PUCCINI Manon Lescaut

Author: 
Neil Fisher
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PUCCINI Manon Lescaut

  • Manon Lescaut

Puccini dismissed concerns about following a hit version of the Abbé Prévost’s Manon with his own adaptation: ‘Massenet feels it as a Frenchman, with powder and minuets. I shall feel it as an Italian, with a desperate passion.’ Once upon a time Anna Netrebko applied the powder and danced Massenet’s minuets, but now the Russian soprano has found meatier employment with the fiercer ladies of Puccini, Verdi and even Wagner (she sang Elsa in an acclaimed Dresden run of Lohengrin).

Netrebko first sang the heroine of Puccini’s Manon Lescaut under Riccardo Muti, in Rome, in the production where she also met Yusif Eyvazov, now her husband. When it came to this complete recording of the opera, many might wish that Muti had transferred to last summer’s semi-staged performances at the Salzburg Festival rather than Mr Netrebko. Instead the pair are joined by Marco Armiliato, the Münchner Rundfunkorchester and the Wiener Staatsopernchor.

Puccini’s score offers diamonds in the rough: the desperate passion flares but the storytelling sometimes falters, and the supporting characters fade in and out of focus. Netrebko’s may not be the most nuanced portrayal of the convent girl who goes from society queen to fallen woman, but it brims with conviction and – as can sometimes happen in this opera – there is no way that the tenor is going to steal this show.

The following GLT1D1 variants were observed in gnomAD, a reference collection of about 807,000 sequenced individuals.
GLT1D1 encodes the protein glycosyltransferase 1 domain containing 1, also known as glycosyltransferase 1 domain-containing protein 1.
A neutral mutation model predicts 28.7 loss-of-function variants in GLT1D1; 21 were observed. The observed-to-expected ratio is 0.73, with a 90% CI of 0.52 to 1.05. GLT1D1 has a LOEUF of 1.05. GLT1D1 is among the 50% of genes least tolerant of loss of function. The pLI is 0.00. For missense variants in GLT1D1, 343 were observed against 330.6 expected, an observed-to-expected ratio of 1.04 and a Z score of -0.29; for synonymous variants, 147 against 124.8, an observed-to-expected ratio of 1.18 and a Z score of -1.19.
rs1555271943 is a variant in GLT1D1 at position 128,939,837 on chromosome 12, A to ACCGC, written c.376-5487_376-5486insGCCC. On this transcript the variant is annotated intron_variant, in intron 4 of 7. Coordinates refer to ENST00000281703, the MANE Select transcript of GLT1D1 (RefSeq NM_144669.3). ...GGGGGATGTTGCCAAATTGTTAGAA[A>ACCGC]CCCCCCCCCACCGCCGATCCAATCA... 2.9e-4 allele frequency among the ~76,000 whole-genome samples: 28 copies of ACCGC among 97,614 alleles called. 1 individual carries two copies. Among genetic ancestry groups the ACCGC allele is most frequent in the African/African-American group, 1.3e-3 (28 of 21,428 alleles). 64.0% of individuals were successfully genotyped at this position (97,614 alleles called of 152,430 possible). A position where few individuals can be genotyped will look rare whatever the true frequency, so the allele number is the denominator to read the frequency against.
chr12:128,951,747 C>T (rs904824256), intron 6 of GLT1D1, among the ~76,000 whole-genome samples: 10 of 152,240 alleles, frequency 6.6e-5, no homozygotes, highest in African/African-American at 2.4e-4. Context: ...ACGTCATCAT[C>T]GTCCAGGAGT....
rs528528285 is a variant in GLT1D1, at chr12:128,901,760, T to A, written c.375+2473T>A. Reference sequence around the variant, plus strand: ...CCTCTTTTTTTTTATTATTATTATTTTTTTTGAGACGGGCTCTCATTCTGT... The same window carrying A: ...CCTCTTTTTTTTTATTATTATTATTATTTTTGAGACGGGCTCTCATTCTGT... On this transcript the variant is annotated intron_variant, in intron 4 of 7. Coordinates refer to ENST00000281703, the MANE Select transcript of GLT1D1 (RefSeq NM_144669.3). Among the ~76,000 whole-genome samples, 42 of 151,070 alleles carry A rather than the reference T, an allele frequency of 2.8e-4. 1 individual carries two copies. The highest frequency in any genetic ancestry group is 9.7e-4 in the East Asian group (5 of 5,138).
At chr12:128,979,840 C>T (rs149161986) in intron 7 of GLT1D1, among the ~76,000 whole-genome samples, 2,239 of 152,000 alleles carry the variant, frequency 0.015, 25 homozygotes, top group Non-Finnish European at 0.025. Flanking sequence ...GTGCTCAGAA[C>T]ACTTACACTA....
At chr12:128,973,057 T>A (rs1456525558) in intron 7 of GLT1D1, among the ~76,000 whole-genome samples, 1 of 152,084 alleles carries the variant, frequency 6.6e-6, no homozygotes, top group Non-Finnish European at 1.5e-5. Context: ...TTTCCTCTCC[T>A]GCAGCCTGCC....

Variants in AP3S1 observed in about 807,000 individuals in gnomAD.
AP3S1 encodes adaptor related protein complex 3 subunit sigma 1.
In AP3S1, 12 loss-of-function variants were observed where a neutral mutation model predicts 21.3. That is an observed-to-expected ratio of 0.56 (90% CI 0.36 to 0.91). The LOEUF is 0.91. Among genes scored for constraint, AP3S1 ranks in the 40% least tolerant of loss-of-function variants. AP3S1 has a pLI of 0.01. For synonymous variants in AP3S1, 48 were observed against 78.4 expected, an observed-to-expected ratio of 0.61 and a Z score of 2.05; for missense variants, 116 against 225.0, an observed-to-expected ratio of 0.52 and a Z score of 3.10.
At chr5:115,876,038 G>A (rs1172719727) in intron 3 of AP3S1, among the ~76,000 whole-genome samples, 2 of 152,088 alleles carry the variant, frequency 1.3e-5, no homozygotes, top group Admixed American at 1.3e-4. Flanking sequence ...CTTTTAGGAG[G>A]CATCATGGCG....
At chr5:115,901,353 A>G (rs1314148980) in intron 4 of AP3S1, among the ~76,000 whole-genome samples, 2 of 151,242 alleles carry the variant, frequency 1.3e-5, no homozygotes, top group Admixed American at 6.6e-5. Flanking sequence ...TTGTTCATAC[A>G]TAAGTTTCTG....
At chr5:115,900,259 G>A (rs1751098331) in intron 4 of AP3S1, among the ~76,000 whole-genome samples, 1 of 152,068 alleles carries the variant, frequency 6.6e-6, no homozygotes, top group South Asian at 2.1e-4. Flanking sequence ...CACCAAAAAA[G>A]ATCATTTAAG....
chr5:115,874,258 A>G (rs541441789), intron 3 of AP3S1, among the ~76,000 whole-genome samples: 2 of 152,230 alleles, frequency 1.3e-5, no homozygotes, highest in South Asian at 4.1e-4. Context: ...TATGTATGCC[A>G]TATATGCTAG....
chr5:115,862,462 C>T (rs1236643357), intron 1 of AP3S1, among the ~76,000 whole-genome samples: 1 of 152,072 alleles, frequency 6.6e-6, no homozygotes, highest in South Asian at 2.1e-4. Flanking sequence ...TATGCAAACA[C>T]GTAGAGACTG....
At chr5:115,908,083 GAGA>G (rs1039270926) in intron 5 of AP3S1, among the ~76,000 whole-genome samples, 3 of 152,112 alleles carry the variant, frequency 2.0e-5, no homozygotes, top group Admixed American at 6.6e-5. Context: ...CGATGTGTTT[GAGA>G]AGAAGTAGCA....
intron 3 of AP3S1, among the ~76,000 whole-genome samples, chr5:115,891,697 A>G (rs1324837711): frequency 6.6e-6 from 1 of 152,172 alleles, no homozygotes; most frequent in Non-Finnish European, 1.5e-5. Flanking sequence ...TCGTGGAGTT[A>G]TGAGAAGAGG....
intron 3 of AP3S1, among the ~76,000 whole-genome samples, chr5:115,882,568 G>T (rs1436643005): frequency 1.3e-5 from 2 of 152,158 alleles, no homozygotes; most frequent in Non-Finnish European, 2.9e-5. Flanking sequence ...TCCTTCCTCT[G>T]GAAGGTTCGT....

Above all, this Manon knows her power. Even one of her very first lines, ‘un chiostro m’attende’ (a cloister awaits me) is wistful with a hint of knowingness, as if she grasps quite well why her brother might be shutting sis up in a convent. By the predations of Act 4 and the Louisiana desert, self-awareness has kicked in, delivered in a lacerating ‘Sola, perduta abbandonata’ and Manon’s frayed declarations of love for Des Grieux underscored by the too-late realisation of just how toxic she has really been for him. Vocally Netrebko is in luxuriant form, her dark-tinted soprano as edible as all the chocs in a luxury assortment (in which someone has thoughtfully removed the yucky strawberry creams).

So Netrebko is the diamond. And then there is the rough. Eyvazov has some impassioned moments but his voice is hit-and-miss, with ear-bleeding moments of raw, bleaty tone. In Act 1 he is trumped in style and finesse by Benjamin Bernheim’s dreamy Edmondo. Armando Piña’s Lescaut sounds far too doddery for Manon’s rogueish brother; the effect is to render him too much like the old roué, Carlos Chausson’s decent Geronte. Szilvia Vörös delivers a classy madrigal as the Musician.

As an overall package, it’s not what I’d call Salzburg standard. The German orchestra play without much character and Armiliato shows more concern for following the central couple than shaping and guiding the disparate score. The chorus are over-miked at the expense of the singers. A scrappy DG booklet offers a 1955 English translation, boring black-and-white photos and a breathlessly uninteresting essay.

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